I have not been the first hands-on trainer to notice that certain degreed "behaviorists" appear to be afraid of dogs -- maybe big dogs, or fast-moving dogs, or dogs with charisma, or working dogs, or unruly dogs, or certain breeds. Or maybe all dogs.

I'm all for people facing their fears and attacking their personal shortcomings.

Just as long as they don't take somebody else down with them. On your own time, please.

I see projection by the nameless US "expert" (if he or she even exists) and the BC SPCA bureaucrat.

"I'm afraid of those fast, vigorous, intense dogs with the icy eyes that see through me. So they are impossible to reconcile with my idea of a pet dog in a home. It's easier for me if someone else just kills them."


They're such emotional, loving, social creatures. It doesn't surprise me in the least to hear such great stories about re-homing the unadoptable dog. We prize dogs for their adaptability then underestimate them categorically. Given love and patience, I bet most of them could be placed in happy homes. That they've been deprived their whole lives in not a justification for continuing to do so in the future. I'm disgusted by the BCSPCA's rationalization. Thanks for the article.


ā€œIā€™m afraid of those fast, vigorous, intense dogs with the icy eyes that see through me.ā€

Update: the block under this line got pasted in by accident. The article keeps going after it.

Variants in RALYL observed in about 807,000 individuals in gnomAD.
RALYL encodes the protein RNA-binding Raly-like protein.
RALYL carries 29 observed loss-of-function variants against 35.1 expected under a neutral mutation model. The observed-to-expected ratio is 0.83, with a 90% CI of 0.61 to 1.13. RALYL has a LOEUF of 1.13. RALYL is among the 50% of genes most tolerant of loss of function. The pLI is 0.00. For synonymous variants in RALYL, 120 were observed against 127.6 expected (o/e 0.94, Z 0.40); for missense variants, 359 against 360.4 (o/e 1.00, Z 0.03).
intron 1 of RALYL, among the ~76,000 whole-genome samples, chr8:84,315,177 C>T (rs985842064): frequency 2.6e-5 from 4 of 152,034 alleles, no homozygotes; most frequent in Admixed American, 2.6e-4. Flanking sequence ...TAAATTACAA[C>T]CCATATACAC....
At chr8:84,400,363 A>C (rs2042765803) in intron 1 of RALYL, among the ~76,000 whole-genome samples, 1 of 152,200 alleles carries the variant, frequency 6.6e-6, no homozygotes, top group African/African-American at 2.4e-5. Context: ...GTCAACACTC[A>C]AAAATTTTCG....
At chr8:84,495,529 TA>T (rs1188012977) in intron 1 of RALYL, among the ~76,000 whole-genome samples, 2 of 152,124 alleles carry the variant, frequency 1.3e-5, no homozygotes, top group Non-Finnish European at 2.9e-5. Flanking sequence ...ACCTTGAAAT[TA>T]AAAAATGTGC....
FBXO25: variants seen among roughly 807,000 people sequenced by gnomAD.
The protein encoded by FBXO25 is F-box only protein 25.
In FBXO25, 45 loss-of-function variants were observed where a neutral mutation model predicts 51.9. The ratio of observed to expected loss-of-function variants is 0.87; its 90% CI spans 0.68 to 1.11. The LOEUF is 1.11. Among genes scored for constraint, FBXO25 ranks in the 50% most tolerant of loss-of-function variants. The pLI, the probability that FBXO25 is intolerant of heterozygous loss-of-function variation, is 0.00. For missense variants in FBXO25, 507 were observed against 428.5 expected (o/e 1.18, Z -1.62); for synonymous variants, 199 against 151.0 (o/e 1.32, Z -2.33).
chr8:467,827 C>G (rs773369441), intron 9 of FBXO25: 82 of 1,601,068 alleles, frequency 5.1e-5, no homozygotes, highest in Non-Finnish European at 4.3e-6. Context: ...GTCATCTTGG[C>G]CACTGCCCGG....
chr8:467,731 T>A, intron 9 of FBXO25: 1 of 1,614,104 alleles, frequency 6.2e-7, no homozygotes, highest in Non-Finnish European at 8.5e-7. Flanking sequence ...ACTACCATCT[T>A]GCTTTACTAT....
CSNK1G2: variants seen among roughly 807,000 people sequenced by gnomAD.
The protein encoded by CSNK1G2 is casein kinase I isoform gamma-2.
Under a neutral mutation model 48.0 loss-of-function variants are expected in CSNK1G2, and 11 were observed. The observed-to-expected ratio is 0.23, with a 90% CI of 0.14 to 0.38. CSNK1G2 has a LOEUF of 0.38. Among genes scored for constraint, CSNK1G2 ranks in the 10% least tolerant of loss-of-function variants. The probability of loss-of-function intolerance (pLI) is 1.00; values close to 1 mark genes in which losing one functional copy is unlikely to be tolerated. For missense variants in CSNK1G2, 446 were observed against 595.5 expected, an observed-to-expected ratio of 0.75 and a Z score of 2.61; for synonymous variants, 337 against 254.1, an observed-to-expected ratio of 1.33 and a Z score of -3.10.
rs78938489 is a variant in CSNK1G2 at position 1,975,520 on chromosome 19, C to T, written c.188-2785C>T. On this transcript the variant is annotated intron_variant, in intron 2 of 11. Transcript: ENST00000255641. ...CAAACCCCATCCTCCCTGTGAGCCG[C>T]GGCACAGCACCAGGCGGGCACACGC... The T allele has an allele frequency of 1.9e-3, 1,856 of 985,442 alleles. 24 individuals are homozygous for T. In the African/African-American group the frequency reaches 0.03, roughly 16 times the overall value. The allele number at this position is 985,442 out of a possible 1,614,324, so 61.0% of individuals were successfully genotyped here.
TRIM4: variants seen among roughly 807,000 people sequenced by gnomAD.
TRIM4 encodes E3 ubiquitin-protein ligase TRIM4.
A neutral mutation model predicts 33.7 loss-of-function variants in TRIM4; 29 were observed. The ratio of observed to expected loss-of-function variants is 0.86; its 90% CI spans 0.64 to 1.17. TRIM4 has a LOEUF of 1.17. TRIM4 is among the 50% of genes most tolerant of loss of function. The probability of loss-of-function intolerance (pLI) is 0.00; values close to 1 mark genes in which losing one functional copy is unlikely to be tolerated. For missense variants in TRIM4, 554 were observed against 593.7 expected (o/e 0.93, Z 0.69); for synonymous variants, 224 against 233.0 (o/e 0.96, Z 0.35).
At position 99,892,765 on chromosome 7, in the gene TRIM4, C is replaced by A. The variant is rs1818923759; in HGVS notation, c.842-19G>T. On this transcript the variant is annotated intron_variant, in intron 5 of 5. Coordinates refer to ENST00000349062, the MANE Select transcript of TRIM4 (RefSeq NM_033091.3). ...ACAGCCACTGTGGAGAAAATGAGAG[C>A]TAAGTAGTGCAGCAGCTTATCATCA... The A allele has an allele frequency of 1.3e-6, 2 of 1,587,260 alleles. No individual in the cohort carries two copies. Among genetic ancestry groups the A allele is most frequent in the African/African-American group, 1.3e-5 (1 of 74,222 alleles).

oh man...first a thunderstorm (with Kona, one of my unadoptable sled dogs, in my lap) then this line.{{shudder}}

Do you know how many times I hear similar comments on the street? I can't reconcile the marshmallow man K cuddling during a storm with people who cross the street when they see us coming.

We worry so much about socializing our dogs - maybe there should be a person socializing movement?

karen pastore

The human race is so violent: domestic abuse, human sex trafficking , rape , war , hate...if any group should be summed up as hopless and killed off ...it is us...ourselves...humans...THAT we would NEVER allow...So who are we, of all beings, to play the hanging judge to others !!!! The Michael Vick case should have taught us better, as was mentioned above.

Christie Keith

Humans, like dogs, should be evaluated as individuals.